It's among this segment of believers that the progressives are trying to make their mark. With regular prayer meetings in several cities, salons on theology, a children's Islamic educational camp and a series of printed adaptations of Quranic scholarship on issues such as homosexuality, Muslims for Progressive Values aims to fashion a new version of the ancient faith, one that members assert is truer to Islam's origins.
There's a long road ahead. While the total number of mosques in America has climbed 74 percent over the past decade, to more than 2,100, Muslims for Progressive Values has a significant presence in only a dozen cities, including Atlanta, Philadelphia and Washington, D.C. The progressives' mosques are borrowed spaces: community centers, homes and churches. There's a mosque in Toronto and a prayer group in Ottawa. The group keeps a directory of unaffiliated like-minded worship centers in smaller cities.
But the progressive Muslims feel they have found momentum, Zonneveld says.
Born in Kuala Lumpur, Malaysia, Zonneveld grew up in Germany, Egypt and India as her father moved between stations as a Malaysian ambassador. Her stay-at-home mom taught Zonneveld and her five siblings the basics of Islam. The family read the Quran together in Arabic and fasted from sunrise to sunset during the holy month of Ramadan. Mosques were scarce in Germany, so her parents invited other Muslims to pray in their home.
After attending college in Illinois, Zonneveld moved to Los Angeles with dreams of becoming a musician. That's where she met her husband, a Dutch-born agnostic who now runs a grocery delivery company. They are raising their daughter Jasmine, 14, as a Muslim.
For 20 years, Zonneveld worked behind the scenes in the music industry, writing and composing songs. She kept her faith hidden at work, though, out of fear that it would hurt her career. But everything changed after Sept. 11.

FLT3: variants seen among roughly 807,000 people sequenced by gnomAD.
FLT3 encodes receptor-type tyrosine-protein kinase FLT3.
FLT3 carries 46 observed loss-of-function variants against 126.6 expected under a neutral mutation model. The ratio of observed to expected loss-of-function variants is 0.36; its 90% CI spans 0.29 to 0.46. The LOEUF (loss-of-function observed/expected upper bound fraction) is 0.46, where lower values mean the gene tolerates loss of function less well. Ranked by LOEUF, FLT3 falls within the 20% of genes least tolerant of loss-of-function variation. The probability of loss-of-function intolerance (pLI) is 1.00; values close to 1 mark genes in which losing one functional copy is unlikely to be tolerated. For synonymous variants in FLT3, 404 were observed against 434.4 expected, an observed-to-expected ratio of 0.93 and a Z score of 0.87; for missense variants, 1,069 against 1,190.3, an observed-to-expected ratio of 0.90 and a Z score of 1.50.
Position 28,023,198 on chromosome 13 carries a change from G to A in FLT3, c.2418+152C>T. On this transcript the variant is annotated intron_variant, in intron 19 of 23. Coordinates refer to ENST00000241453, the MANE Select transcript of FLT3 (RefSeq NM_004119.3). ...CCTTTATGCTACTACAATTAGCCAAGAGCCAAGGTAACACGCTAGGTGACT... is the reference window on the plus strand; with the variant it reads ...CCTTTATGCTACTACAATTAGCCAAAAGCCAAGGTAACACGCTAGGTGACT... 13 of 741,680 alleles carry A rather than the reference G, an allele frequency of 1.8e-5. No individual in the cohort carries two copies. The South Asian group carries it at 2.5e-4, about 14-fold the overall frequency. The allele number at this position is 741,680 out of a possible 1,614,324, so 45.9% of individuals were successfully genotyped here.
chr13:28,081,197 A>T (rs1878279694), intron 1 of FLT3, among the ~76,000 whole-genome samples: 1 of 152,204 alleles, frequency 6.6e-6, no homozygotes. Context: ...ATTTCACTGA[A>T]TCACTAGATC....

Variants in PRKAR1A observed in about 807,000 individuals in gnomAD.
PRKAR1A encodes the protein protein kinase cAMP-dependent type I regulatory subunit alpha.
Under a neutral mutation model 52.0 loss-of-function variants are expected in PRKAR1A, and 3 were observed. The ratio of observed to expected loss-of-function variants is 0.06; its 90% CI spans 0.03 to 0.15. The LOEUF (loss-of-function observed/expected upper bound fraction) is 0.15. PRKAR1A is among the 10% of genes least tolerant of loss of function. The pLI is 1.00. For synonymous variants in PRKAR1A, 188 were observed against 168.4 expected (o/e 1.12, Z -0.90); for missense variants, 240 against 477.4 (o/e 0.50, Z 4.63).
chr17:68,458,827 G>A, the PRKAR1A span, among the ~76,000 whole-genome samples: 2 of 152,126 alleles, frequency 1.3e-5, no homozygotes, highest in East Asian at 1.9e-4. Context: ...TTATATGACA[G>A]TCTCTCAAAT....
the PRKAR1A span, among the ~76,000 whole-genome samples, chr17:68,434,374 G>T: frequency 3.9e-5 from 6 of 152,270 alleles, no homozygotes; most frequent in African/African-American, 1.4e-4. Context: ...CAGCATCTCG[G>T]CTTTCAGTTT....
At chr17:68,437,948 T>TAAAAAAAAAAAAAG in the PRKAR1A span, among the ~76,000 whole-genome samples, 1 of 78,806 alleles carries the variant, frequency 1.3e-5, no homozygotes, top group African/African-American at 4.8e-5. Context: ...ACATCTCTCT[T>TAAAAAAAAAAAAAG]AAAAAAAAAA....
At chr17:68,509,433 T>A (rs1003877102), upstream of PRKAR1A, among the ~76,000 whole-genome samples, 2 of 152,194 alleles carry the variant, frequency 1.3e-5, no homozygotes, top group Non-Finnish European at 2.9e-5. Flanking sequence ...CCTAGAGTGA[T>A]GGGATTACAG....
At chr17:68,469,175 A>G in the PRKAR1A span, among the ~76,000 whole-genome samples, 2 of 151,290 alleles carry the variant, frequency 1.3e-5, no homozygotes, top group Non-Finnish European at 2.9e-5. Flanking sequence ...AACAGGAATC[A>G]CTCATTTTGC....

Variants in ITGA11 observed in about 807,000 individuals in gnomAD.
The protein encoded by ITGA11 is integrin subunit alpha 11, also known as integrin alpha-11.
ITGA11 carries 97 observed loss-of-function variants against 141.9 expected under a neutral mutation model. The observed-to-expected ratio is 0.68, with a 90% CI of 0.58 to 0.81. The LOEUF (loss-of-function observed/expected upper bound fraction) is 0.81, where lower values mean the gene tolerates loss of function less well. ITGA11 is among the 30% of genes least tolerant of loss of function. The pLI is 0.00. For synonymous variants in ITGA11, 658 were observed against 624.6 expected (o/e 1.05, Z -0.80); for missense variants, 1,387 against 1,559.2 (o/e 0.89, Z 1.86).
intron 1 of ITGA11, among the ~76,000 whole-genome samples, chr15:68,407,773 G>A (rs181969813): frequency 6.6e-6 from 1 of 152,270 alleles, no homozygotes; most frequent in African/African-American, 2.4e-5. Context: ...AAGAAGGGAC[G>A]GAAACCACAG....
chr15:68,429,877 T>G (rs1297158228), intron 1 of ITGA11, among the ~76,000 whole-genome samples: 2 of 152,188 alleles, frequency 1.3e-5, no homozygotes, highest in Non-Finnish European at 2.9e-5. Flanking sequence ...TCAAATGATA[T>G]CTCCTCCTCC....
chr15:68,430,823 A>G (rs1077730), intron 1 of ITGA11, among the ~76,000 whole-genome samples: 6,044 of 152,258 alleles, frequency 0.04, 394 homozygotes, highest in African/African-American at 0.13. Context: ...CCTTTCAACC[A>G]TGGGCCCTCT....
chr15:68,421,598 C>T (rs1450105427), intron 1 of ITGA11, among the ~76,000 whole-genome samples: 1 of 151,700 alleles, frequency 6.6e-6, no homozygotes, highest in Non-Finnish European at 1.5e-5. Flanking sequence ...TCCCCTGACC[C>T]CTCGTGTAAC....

The attacks by terrorists invoking Islam for a war against the West had nothing to do with the religion Zonneveld knew. Imams appeared on television with politicians to condemn violence. They echoed her views, but she was put off. She had little in common with the bearded middle-aged men on screen.
"The vast majority of American Muslims believe in an Islam that is so different from the people that represent us," Zonneveld says. "It's like if you had an Orthodox Jewish rabbi representing all American Jews."
For the first time, Zonneveld put religion at the forefront of her music. Two years after the attacks, she released an album, "Ummah, Wake Up!" The word ummah means "community" in Arabic. In the opening track, she called for a new jihad. To her, that meant striving to be more merciful, not taking up arms. Another track, "Bury Me," lamented what she saw as the marginalized state of women in Islamic communities.
Her album didn't go over well. When Zonneveld applied to perform at an Islamic music festival in Toronto, the event's organizers told her that men are forbidden to hear women sing. Islamic retailers banned the album. Prominent Muslims said Zonneveld was focusing too much on the bad in Islam and not enough on the good.
Frustrated with the lack of outlets for her critiques, Zonneveld helped found a group called the Progressive Muslim Union of North America. The broad alliance of dozens of activists and academics struggled and bickered over political beliefs and whether members wanted to reform Islamic doctrine or simply alter social practices. The two-year effort, largely academic, collapsed by 2006, never having founded a mosque.
A year later, Zonneveld cofounded Muslims for Progressive Values, which has enjoyed more tangible success. Its spiritual work has drawn endorsements from well-known Muslim activists, scholars and politicians.
Most scholars agree that the Quran, which Muslims believe is the written word of God, does not explicitly prohibit women from leading prayers or gay people from taking leadership roles in Islam. The holy book also does not forbid men and women to pray together. Yet, centuries of scholarship on the Quran and the sunnah (the way the prophet lived his life) have resulted in the prevailing view among Muslims worldwide that prayer leaders should be male and that homosexual activity is a sin.
To answer the question of whether women should lead prayers, records of the prophet's life -- whose authenticity remains under dispute -- are seized upon by people on all sides of the debate. Progressive scholars say the prophet permitted women to lead prayers at any time.
In three-quarters of American mosques, women gather in separate rooms or behind partitions or curtains, according to the most recent mosque study by the Council on American-Islamic Relations. The practice stems from Quran, which says that men and women should maintain modest relations. The Quran does not explicitly say the sexes must keep separate.